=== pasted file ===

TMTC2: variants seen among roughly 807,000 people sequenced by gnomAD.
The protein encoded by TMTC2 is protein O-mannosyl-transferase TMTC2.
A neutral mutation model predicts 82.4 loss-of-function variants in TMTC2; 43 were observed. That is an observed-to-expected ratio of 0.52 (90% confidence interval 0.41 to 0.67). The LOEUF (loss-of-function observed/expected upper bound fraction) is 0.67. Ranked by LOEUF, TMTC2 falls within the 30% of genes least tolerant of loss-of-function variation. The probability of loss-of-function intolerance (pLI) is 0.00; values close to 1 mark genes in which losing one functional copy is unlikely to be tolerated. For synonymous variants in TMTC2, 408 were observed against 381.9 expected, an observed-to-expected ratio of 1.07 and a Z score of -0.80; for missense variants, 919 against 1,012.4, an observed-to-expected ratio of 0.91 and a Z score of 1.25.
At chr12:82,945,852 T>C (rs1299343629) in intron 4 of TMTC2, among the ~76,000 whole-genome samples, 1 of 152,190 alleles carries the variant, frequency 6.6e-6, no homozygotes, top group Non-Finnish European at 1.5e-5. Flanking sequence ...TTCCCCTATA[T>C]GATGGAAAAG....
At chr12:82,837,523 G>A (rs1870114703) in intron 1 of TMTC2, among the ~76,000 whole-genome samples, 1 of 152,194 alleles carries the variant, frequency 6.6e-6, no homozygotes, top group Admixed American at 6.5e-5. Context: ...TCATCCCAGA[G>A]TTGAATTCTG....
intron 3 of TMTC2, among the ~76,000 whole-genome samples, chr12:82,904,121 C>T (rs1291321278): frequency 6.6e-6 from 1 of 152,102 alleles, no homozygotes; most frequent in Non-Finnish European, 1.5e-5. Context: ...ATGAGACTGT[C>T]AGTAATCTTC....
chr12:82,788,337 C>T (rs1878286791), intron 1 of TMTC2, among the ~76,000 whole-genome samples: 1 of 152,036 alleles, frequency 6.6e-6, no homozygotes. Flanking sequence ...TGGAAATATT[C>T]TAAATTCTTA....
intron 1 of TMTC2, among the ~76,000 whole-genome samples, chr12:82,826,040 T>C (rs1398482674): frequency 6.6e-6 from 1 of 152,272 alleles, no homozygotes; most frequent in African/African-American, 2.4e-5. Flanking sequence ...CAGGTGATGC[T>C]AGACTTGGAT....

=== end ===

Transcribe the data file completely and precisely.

TMTC2: variants seen among roughly 807,000 people sequenced by gnomAD.
The protein encoded by TMTC2 is protein O-mannosyl-transferase TMTC2.
A neutral mutation model predicts 82.4 loss-of-function variants in TMTC2; 43 were observed. That is an observed-to-expected ratio of 0.52 (90% confidence interval 0.41 to 0.67). The LOEUF (loss-of-function observed/expected upper bound fraction) is 0.67. Ranked by LOEUF, TMTC2 falls within the 30% of genes least tolerant of loss-of-function variation. The probability of loss-of-function intolerance (pLI) is 0.00; values close to 1 mark genes in which losing one functional copy is unlikely to be tolerated. For synonymous variants in TMTC2, 408 were observed against 381.9 expected, an observed-to-expected ratio of 1.07 and a Z score of -0.80; for missense variants, 919 against 1,012.4, an observed-to-expected ratio of 0.91 and a Z score of 1.25.
At chr12:82,945,852 T>C (rs1299343629) in intron 4 of TMTC2, among the ~76,000 whole-genome samples, 1 of 152,190 alleles carries the variant, frequency 6.6e-6, no homozygotes, top group Non-Finnish European at 1.5e-5. Flanking sequence ...TTCCCCTATA[T>C]GATGGAAAAG....
At chr12:82,837,523 G>A (rs1870114703) in intron 1 of TMTC2, among the ~76,000 whole-genome samples, 1 of 152,194 alleles carries the variant, frequency 6.6e-6, no homozygotes, top group Admixed American at 6.5e-5. Context: ...TCATCCCAGA[G>A]TTGAATTCTG....
intron 3 of TMTC2, among the ~76,000 whole-genome samples, chr12:82,904,121 C>T (rs1291321278): frequency 6.6e-6 from 1 of 152,102 alleles, no homozygotes; most frequent in Non-Finnish European, 1.5e-5. Context: ...ATGAGACTGT[C>T]AGTAATCTTC....
chr12:82,788,337 C>T (rs1878286791), intron 1 of TMTC2, among the ~76,000 whole-genome samples: 1 of 152,036 alleles, frequency 6.6e-6, no homozygotes. Flanking sequence ...TGGAAATATT[C>T]TAAATTCTTA....
intron 1 of TMTC2, among the ~76,000 whole-genome samples, chr12:82,826,040 T>C (rs1398482674): frequency 6.6e-6 from 1 of 152,272 alleles, no homozygotes; most frequent in African/African-American, 2.4e-5. Flanking sequence ...CAGGTGATGC[T>C]AGACTTGGAT....